Archive | March, 2013

Eglise Saint-Martin

29 Mar

via Instagram

Coffee shop review

25 Mar

A few weeks ago Phil Bradbury, who runs the Woodgrange Web site, asked me to write a review of the two coffee shops that recently opened in Forest Gate.

The review is now live and I’d be very happy if you went and read it. If you have any comments – maybe you disagree with my conclusions – please say so on the Woodgrange Web forum.

Sir Robin loves CCTV

18 Mar

Mayor of Newham, Sir Robin Wales, appeared on the BBC’s Sunday Politics on 17 March 2013 to explain why this borough – already the most spied on in the country – is investing in even more CCTV cameras.

There are already more CCTV cameras in Newham than in the cities of Birmingham and Liverpool combined. But the mayor is buying more and the risible ‘law enforcement officers’ (not to be confused with real police, as the BBC reporter helpfully points out) are being kitted out as mobile video units, secretly filming residents as they go about their business.

Sir Robin claims that “residents love CCTV” and admits – without even a hint of embarrassment – to cutting more than necessary on other services so he can invest in these extra cameras.

UPDATE: Mike Law has written a far more extensive analysis of the Mayor’s comments and CCTV-fanaticism. Well worth a read.

Yahoo! Hullabaloo

8 Mar

2013-02-15 16.27.04

A blog by me about remote working, which I wrote for my employer’s website.

You can read it at home if you like, or the office – wherever suits you best:

Yahoo! Hullabaloo | betransformative.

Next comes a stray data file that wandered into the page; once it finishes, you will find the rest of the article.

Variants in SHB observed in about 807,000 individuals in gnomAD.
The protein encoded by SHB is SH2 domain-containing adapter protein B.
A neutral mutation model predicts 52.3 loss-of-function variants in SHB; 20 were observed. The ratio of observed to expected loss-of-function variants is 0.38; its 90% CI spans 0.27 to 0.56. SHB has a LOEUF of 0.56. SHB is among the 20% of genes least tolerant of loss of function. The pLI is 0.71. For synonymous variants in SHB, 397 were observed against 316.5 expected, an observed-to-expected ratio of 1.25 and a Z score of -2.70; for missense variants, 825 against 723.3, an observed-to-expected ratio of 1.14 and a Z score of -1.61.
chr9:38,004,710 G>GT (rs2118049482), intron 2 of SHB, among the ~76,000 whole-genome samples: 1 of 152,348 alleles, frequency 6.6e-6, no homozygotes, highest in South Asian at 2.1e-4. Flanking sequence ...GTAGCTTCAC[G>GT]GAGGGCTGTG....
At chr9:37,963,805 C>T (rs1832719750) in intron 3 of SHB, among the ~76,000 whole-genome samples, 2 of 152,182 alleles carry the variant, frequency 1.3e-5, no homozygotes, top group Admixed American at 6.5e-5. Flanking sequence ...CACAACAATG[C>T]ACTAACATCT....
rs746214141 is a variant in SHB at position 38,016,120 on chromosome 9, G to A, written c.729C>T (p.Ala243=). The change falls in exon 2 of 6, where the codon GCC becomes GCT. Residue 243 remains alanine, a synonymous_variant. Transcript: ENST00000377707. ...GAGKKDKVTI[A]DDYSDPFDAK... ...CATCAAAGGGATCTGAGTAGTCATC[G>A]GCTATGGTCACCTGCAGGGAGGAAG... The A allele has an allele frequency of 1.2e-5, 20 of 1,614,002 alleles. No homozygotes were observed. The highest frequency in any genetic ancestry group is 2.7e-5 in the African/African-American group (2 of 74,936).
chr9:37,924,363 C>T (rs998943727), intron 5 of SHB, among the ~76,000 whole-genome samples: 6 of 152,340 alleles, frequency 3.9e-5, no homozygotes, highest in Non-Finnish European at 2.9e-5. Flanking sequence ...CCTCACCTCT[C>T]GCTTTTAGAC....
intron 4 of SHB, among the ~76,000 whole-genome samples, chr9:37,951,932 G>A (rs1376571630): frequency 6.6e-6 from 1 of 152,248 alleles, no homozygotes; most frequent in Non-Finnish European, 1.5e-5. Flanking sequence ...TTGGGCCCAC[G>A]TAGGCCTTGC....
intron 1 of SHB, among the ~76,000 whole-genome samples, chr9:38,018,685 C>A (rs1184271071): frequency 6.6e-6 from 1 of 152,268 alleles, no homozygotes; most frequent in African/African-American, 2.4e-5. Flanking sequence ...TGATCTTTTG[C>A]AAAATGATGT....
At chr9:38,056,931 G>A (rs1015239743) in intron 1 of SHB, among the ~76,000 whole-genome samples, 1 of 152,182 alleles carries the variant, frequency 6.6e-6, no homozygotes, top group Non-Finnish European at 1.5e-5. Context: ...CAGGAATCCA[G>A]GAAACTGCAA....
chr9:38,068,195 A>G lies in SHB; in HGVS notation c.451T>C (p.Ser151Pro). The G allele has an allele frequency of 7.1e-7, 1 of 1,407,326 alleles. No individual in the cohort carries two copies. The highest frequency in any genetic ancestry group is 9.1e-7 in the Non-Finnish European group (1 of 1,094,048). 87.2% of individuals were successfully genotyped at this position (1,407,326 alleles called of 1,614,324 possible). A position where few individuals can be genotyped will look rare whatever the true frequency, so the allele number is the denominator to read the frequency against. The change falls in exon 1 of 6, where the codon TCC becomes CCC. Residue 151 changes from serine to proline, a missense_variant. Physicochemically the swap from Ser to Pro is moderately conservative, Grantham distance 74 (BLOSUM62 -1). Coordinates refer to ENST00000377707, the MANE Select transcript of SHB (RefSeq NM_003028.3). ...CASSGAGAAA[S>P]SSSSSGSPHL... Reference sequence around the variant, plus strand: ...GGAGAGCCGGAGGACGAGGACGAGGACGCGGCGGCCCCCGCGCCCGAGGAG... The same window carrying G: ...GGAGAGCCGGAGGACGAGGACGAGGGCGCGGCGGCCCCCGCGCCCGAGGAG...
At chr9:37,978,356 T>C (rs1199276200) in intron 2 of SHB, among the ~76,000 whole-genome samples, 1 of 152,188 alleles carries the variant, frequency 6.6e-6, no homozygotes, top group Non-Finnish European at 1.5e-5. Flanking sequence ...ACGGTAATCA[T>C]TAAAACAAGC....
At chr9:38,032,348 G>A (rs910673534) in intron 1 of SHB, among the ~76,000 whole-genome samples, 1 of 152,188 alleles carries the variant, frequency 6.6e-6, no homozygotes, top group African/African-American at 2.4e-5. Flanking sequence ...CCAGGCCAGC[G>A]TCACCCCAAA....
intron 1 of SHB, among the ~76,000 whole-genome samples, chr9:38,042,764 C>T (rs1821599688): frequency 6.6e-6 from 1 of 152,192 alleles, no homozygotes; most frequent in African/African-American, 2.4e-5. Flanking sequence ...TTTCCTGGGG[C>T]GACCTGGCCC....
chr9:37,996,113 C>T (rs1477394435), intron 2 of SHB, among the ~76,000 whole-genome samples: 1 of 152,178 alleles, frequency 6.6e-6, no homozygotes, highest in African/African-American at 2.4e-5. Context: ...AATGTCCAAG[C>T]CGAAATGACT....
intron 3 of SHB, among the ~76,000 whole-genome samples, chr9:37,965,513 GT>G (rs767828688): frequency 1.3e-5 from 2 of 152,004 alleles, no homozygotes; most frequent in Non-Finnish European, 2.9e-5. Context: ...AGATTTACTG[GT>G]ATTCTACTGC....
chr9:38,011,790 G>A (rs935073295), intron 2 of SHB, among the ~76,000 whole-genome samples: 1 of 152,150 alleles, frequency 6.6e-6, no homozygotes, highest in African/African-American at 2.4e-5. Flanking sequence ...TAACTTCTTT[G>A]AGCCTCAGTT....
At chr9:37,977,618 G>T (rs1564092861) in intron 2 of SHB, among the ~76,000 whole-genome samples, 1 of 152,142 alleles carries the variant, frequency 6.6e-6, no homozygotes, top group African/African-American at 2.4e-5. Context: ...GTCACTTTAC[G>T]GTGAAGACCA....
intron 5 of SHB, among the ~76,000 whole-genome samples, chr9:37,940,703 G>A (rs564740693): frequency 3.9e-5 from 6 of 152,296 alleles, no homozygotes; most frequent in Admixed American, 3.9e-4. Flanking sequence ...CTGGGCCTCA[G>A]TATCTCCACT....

Until the cows come home

7 Mar

Cows_on_wanstead_flatsCattle grazing on Wanstead Flats from ‘Epping Forest Through the Ages’

As many as 500 cattle once grazed grazed freely throughout Epping Forest and many of them made their way down to Wanstead Flats. They were a common sight in the summer months and the cause of occasional traffic hold-ups as they wandered across the roads.

But over time the numbers dwindled and in the 1990s a combination of BSE and foot-and-mouth disease put an end to common grazing.

Many local people want to see the cattle back and the Corporation of London – which manages Epping Forest – has promised on several occasions to look at it. In the early 2000s a small herd was released into the northern part of the Forest and I remember attending a residents meeting with a representative of the Corporation who said they were looking at doing something similar in the south.

Sally Hayns, the Public Affairs Manager for the Corporation of London, sent the following email to Linda Powell, a member of the Newham Issues Forum on, in June 2005 in response to a question about returning cattle to the Flats:

We do get quite a few calls asking us when the cows are going to return to Wanstead Flats. As you are probably aware, they were Commoners cattle that were turned out onto the Forest during the summer months by the Commoners who are legally entitled to do so under the 1878 Epping Forest Act. Most of the cows were turned out in the northern half of the Forest but, as they are free-ranging, they tended to gradually make their way down to the southern end because of the better grass. The 1878 Act still applies and Commoners can still turn out their cattle but the numbers doing so declined from the 1950s onwards